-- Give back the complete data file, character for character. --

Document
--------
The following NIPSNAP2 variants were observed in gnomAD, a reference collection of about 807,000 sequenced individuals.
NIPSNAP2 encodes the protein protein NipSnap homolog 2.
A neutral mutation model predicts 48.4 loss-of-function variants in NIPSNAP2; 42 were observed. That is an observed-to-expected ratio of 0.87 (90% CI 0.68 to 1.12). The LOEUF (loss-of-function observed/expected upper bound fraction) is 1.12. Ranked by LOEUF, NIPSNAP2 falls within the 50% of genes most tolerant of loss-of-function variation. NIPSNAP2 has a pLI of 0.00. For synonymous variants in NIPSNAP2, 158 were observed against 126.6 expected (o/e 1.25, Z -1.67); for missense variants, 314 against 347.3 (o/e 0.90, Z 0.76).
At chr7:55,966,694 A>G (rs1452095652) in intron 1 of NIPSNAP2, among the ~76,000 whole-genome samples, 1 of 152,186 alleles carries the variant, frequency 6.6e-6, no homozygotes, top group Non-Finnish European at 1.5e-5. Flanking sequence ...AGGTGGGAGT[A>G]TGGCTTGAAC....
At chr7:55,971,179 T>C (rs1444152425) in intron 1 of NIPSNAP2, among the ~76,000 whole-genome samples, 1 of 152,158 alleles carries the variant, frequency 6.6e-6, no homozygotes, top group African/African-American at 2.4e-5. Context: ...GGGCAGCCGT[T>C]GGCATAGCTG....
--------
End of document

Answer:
The following NIPSNAP2 variants were observed in gnomAD, a reference collection of about 807,000 sequenced individuals.
NIPSNAP2 encodes the protein protein NipSnap homolog 2.
A neutral mutation model predicts 48.4 loss-of-function variants in NIPSNAP2; 42 were observed. That is an observed-to-expected ratio of 0.87 (90% CI 0.68 to 1.12). The LOEUF (loss-of-function observed/expected upper bound fraction) is 1.12. Ranked by LOEUF, NIPSNAP2 falls within the 50% of genes most tolerant of loss-of-function variation. NIPSNAP2 has a pLI of 0.00. For synonymous variants in NIPSNAP2, 158 were observed against 126.6 expected (o/e 1.25, Z -1.67); for missense variants, 314 against 347.3 (o/e 0.90, Z 0.76).
At chr7:55,966,694 A>G (rs1452095652) in intron 1 of NIPSNAP2, among the ~76,000 whole-genome samples, 1 of 152,186 alleles carries the variant, frequency 6.6e-6, no homozygotes, top group Non-Finnish European at 1.5e-5. Flanking sequence ...AGGTGGGAGT[A>G]TGGCTTGAAC....
At chr7:55,971,179 T>C (rs1444152425) in intron 1 of NIPSNAP2, among the ~76,000 whole-genome samples, 1 of 152,158 alleles carries the variant, frequency 6.6e-6, no homozygotes, top group African/African-American at 2.4e-5. Context: ...GGGCAGCCGT[T>C]GGCATAGCTG....